Genesis 27:33-37 New International Version (NIV)
33 Isaac trembled violently and said, “Who was it, then, that hunted game and brought it to me? I ate it just before you came and I blessed him—and indeed he will be blessed!”
34 When Esau heard his father’s words, he burst out with a loud and bitter cry and said to his father, “Bless me—me too, my father!”
35 But he said, “Your brother came deceitfully and took your blessing.”
36 Esau said, “Isn’t he rightly named Jacob? This is the second time he has taken advantage of me: He took my birthright, and now he’s taken my blessing!” Then he asked, “Haven’t you reserved any blessing for me?”
37 Isaac answered Esau, “I have made him lord over you and have made all his relatives his servants, and I have sustained him with grain and new wine. So what can I possibly do for you, my son?”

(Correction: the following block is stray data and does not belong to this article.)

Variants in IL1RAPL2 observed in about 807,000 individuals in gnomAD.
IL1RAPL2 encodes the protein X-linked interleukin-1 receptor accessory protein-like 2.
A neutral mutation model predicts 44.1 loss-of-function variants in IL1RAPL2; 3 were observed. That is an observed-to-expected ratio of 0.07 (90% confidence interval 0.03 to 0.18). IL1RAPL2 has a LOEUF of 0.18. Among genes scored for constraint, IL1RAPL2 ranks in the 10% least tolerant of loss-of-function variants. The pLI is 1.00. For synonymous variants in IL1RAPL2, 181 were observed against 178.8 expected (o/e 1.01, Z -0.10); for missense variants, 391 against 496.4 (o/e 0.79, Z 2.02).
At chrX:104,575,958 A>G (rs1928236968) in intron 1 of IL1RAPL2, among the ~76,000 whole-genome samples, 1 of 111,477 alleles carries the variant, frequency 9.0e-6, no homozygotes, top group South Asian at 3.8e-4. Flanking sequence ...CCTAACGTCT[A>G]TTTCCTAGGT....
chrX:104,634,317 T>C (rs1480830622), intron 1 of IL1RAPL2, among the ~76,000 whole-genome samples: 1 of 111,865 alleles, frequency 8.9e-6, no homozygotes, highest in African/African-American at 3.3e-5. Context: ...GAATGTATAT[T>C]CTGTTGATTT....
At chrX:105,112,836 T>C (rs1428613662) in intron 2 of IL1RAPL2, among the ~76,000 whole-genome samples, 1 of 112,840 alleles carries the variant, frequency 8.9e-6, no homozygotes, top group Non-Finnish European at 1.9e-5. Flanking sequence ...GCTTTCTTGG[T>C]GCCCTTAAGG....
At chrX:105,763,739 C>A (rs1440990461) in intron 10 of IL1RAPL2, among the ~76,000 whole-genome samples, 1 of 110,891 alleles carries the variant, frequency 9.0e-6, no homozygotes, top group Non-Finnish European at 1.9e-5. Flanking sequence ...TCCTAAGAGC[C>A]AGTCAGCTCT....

Before the father of a family would die, he would perform a ceremony of blessing where he would officially hand over the birthright to the rightful heir. The first born son was usually entitled to the birthright. This birthright was not his until the blessing was pronounced out loud by the father of the family. Now, before this blessing was given, the father had the right to take the birthright away from the oldest son and give it to a son he felt to be more deserving. Once the blessing was given and pronounced out loud, it could not ever be taken away. It was set in stone. This is why fathers usually waited to do this until late in life. Jacob had been given the birthright by his older brother years before, but this did not hold to be set until his father made the blessing to Jacob. After Isaac blessed Jacob, it was binding and could never be revoked.